He watches as Braden strips. His body is solid; not just of muscle and bone; not to Andre. It’s been a couple of hours now since Braden was in full harness in his uniform. There are echoes of red marks from his goalie pads, and a couple of bruises. Some are old. A couple look fresh. Andre knows his body looks much the same.
“What do you want?” Andre asks, curious.
Braden’s eyes are dark and his lips are parted.
Andre runs his mouth. He knows this. He always ends up saying too much. But right now he holds his tongue.
What does Andre want; he thinks of Braden’s hands spanning the diameter of his wrists and the weight of his body pinning his down. Sweat and the weight of Braden’s cock in his hand, his mouth. And he wants this; Braden’s honesty and his hunger. It’s a hell of a headrush.
“I want you naked,” Braden says simply.
Sex is not. It’s good, but it’s not simple.
They kiss and kiss. Braden holds Andre’s jaw in one hand.
There is just a hint of pressure to his grip. Enough that Andre feels it. Enough that there comes a point where Andre bites his lip just to see what will happen.
What happens is Braden’s grip on his jaw tenses.
Andre knows he is all red and flustered. He knows he’s already a mess. Breathing heavily, he leans down and presses his mouth against Braden’s again. Underneath him, Andre feels Braden's response. Like quick silver. Like he already has this play mapped.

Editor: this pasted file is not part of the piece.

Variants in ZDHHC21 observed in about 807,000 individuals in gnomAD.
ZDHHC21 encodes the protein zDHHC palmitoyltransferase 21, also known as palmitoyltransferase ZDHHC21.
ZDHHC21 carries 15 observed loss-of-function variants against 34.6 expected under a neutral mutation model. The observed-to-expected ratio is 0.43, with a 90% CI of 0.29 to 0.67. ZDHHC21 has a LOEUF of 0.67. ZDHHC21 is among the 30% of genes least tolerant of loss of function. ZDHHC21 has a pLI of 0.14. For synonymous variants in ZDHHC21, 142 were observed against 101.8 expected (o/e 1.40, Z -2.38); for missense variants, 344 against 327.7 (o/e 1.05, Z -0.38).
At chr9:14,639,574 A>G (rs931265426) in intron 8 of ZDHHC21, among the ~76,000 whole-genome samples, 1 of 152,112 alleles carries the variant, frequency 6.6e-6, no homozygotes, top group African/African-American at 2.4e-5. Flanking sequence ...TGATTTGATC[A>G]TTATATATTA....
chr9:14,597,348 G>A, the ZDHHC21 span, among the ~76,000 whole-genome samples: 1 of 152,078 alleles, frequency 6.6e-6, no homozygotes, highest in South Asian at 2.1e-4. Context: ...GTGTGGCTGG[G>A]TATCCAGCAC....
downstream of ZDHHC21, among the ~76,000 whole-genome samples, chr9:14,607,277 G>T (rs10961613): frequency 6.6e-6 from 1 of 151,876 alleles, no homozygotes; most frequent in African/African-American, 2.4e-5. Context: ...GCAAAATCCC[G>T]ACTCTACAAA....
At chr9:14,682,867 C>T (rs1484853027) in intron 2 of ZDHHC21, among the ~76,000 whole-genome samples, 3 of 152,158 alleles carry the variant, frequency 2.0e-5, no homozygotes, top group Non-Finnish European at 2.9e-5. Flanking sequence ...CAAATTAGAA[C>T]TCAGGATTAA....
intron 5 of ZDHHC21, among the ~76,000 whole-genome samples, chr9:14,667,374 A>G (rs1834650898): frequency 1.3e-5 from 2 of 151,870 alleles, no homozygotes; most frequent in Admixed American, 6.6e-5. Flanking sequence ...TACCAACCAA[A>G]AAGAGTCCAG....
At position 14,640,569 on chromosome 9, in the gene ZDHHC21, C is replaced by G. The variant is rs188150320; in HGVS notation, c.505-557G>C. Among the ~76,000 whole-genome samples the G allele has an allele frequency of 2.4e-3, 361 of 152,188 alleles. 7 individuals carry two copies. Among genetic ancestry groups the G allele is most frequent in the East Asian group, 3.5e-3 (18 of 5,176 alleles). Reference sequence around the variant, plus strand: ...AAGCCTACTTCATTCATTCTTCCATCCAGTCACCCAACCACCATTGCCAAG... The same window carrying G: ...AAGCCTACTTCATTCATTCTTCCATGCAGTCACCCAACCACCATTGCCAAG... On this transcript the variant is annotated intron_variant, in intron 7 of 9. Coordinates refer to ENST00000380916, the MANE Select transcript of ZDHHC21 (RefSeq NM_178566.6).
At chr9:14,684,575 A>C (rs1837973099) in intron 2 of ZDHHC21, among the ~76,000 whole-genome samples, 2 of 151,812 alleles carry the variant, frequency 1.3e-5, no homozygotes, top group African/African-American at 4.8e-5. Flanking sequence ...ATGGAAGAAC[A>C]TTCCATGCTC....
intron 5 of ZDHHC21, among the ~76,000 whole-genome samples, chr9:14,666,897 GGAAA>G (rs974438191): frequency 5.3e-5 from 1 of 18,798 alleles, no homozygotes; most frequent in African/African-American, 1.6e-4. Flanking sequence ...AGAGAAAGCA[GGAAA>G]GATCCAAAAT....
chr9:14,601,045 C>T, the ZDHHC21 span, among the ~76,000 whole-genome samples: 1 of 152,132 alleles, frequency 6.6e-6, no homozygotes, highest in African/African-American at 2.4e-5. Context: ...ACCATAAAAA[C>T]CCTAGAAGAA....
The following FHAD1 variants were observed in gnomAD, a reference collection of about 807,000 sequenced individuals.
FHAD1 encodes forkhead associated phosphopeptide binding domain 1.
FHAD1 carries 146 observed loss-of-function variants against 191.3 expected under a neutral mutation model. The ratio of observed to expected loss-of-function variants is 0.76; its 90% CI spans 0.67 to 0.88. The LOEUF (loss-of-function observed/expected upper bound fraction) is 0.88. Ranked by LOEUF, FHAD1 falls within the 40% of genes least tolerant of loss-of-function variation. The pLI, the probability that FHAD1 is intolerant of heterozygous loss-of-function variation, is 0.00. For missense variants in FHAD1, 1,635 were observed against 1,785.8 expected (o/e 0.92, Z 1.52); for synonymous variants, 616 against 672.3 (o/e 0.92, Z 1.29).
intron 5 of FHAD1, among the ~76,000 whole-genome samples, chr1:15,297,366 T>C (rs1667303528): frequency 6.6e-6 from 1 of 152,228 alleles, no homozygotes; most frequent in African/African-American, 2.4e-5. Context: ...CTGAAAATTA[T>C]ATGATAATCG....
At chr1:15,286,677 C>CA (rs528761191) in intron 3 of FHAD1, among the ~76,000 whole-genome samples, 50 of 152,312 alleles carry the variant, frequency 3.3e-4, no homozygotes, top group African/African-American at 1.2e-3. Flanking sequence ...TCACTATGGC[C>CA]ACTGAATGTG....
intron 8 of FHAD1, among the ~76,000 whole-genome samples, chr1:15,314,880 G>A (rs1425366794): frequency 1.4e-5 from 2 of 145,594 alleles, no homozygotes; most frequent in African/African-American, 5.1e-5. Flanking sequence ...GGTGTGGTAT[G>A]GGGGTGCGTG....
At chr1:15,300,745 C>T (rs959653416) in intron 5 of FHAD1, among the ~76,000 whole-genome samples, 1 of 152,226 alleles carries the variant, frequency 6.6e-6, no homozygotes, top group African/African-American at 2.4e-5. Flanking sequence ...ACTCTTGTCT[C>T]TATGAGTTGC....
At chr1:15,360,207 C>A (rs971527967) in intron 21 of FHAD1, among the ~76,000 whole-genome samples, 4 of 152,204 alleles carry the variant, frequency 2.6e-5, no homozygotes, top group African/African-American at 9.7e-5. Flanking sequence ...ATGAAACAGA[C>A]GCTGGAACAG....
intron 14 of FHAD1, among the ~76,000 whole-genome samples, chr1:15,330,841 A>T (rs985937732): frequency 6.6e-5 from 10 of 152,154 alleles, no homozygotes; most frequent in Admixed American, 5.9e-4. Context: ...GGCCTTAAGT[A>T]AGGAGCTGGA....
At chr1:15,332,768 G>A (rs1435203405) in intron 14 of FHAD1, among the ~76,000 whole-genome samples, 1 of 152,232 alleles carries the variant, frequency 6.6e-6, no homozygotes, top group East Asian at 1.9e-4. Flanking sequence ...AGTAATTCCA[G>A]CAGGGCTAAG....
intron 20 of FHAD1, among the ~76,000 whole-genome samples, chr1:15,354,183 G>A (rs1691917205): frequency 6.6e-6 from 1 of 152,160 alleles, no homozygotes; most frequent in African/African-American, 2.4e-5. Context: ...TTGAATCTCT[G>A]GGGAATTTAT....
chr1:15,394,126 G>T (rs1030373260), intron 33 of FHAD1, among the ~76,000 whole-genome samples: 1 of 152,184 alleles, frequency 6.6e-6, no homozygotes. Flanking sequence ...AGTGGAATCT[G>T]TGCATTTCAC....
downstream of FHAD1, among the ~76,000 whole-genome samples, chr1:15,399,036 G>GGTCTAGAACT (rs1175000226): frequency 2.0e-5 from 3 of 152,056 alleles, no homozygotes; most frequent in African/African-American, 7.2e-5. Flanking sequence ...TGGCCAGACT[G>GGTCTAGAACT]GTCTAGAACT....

But he’s careful. Careful of Andre’s wings. He hesitates when he goes to pin Andre down. Andre can tell and he can’t help himself.
He bites Braden again. Harder. This time Braden’s grip doesn’t falter.
“Going to ask me to do that on purpose?” Braden says, distracted.
An inch away from his lips, Andre tries to catch his breath.
He could ask.
“How about we start with something simple?” Andre suggests.
Against his lips, he feels Braden break into a smile.
Shifting, Braden straddling Andre and leans down to kiss the base of his throat, to nip at his collar bones, to lick a nipple. Panting, Andre whimpers and Braden does it again. His mouth is hot and relentless.
Swearing, Andre tries to get some leverage, but he has none.
“Good enough?” Braden asks.
“Could be better,” Andre tells him.
A solid weight above Andre, Braden’s wings are splayed out; feathers mussed and sweaty. His cock is hard and blood hot. Rocking his hips, Braden lazily grinds his cock into the sweat slicked skin of the hollow of Andre’s hips. It’s clumsy and hot, and greedy for it, Andre kisses Braden until he can’t; until he has to break away to breathe.